The Brazilian celebrity faith healer accused of sexually abusing hundreds of women is now facing allegations he sold babies to foreigners, including Australians, for up to $70,000 each.
Joao Teixeira de Faria, also known as John of God, was arrested in Brazil in December after hundreds of people came forward with allegations of rape and threats of violence. Many claimed they were underage at the time of the alleged abuse.
Now, John of God has been hit with stunning new claims that he operated a baby-selling and human trafficking ring from his spiritual compound in Abadiania, 130km south-west of Brasilia.
Prosecutors have reportedly been given information that an unknown number of adoptive parents from five countries, including Australia and the US, bought Brazilian babies for a price between $27,000 and $70,000, according to Brazilian newspaper Folha de S.Paulo.
The infants were said to be born to impoverished mothers who lived around John of God's compound, the newspaper reported.
Deals for the babies were allegedly brokered by guides, the name given to staunch John of God believers who live in Western countries and assist the travel plans for those wishing to visit the centre in Brazil.
Through his lawyer, Mr De Faria denied all accusations and stated there was no evidence to back up the claims. He has remained in custody since his arrest in December, and he is due to be questioned further by investigators today.
Thousands of Australians, many suffering terminal or debilitating illnesses, have journeyed to John of God's spiritual retreat Casa de Dom Inacio.
Mr Faria's critics have argued the faith healer is nothing more than a charlatan, fleecing the vulnerable for millions of dollars.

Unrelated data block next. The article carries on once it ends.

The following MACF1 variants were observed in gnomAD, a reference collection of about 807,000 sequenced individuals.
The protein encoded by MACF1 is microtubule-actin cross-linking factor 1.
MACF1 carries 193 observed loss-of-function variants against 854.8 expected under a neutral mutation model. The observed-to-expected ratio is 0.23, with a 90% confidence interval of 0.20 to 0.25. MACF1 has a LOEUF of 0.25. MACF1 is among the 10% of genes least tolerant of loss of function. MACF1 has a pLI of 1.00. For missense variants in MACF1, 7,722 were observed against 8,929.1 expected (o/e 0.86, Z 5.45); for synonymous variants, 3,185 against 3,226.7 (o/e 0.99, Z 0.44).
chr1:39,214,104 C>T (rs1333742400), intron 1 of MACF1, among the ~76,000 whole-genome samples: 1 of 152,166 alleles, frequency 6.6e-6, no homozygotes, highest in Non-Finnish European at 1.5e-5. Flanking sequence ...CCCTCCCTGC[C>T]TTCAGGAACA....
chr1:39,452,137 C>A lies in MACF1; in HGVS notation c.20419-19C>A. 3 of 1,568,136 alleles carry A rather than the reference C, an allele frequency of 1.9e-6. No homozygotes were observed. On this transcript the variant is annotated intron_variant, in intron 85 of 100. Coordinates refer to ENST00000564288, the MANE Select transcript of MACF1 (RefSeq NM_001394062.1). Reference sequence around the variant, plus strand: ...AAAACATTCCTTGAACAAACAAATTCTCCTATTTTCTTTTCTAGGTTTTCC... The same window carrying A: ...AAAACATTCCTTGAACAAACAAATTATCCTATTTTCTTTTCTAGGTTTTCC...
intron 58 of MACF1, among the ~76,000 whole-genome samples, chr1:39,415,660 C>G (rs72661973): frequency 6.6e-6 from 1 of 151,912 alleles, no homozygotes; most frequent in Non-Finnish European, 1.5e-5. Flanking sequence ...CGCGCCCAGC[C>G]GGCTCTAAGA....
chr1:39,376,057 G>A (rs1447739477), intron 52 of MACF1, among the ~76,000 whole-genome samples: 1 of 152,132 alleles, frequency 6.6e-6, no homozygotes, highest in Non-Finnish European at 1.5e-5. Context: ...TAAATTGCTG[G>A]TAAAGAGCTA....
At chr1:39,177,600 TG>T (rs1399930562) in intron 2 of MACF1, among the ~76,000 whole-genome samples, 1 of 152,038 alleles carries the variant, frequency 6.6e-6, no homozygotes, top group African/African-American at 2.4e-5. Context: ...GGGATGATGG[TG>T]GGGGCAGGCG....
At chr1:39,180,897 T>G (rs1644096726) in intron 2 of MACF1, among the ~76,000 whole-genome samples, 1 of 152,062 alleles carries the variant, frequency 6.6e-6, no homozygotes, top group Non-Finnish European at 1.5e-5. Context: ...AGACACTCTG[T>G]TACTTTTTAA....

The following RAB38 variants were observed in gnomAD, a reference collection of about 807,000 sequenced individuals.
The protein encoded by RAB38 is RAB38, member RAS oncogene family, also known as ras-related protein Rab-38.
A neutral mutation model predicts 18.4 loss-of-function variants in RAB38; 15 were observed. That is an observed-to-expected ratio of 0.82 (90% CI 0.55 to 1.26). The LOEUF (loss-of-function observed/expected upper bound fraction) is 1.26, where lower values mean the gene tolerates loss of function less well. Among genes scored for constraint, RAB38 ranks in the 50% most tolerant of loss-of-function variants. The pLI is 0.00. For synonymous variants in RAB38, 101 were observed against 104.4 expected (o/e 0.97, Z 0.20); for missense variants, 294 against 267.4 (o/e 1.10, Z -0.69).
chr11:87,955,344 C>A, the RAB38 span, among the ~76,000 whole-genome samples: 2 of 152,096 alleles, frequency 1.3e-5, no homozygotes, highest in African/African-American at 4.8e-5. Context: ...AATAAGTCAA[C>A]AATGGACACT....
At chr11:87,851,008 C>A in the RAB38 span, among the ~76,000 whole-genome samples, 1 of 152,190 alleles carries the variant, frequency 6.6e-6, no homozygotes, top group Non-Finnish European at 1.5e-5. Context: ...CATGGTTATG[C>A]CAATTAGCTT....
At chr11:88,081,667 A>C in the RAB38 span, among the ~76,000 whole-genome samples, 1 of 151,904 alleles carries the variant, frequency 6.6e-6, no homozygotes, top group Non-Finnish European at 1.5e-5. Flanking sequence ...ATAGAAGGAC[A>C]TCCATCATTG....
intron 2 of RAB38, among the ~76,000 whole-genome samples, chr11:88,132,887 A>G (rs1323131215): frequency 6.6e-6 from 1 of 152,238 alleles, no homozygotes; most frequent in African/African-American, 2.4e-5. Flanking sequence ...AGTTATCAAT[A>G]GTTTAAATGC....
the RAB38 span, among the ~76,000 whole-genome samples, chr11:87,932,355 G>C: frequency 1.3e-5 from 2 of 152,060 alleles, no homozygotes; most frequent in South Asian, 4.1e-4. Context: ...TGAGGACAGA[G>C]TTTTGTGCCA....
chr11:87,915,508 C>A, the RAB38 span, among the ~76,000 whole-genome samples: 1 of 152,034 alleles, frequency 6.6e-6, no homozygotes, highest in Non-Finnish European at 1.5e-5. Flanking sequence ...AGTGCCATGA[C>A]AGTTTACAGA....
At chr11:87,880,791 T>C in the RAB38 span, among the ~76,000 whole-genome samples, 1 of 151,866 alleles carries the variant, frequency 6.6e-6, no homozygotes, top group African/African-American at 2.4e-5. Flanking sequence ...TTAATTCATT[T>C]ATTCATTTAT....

Oprah Winfrey famously visited Mr Faria in 2012 to feature him in an episode of her massively popular show syndicated worldwide. Afterwards, Mr Faria's questionable star rocketed to dangerous new heights.
According to 60 Minutes, Mr Faria's faith healing compound, which has also been visited by supermodel Naomi Campbell and Brazilian footballer Ronaldo, has made tens of millions of dollars.
Court documents show that John of God tried to withdraw nearly $12 million from his bank accounts before surrendering to police on December 16 on charges of rape.
Sabrina Bittencourt, the woman who brought the hundreds of sexual abuse claims to the attention of police, is currently in hiding and fears for her safety.
Ms Bittencourt was responsible for the recent baby trafficking and sexual enslavement allegations, last week alerting prosecutors in Sao Paolo to those claims.
According to Ms Bittencourt, local women received food for their families in return for getting pregnant.
It is unknown how many Australians, if any, could have bought a baby or been potentially abused by him.
An Australian Federal Police spokesperson told nine.com.au it would not be appropriate for the AFP to discuss an investigation being conducted by Brazilian police.
John of God has boasted he is blessed with healing powers from a divine "Entity". He has claimed the entity can cure the blind, the paraplegic, the cancer-stricken and other illnesses.
Mr De Faria has no medical qualifications but conducts crude and barbaric surgical procedures on those seeking his help.
A 60 Minutes investigation showed Mr De Faria using a scalpel to slice open people's backs and scrape away at their eyeballs, with no anaesthetic administered.
Other disturbing footage shows John of God shoving a pair of scissors down someone's nose.
Brazilian police say the investigations are complicated by the fact that many of the cases took place years ago. Current law gives victims six months to report cases of abuse.
One of the accusers is Mr Faria's adult daughter, Dalva Teixeira, who has called him a "monster".
Ms Teixeira said that under the pretense of mystical treatments he abused and raped her between the ages of 10 and 14.
She said her father stopped after she became pregnant by one of his employees.
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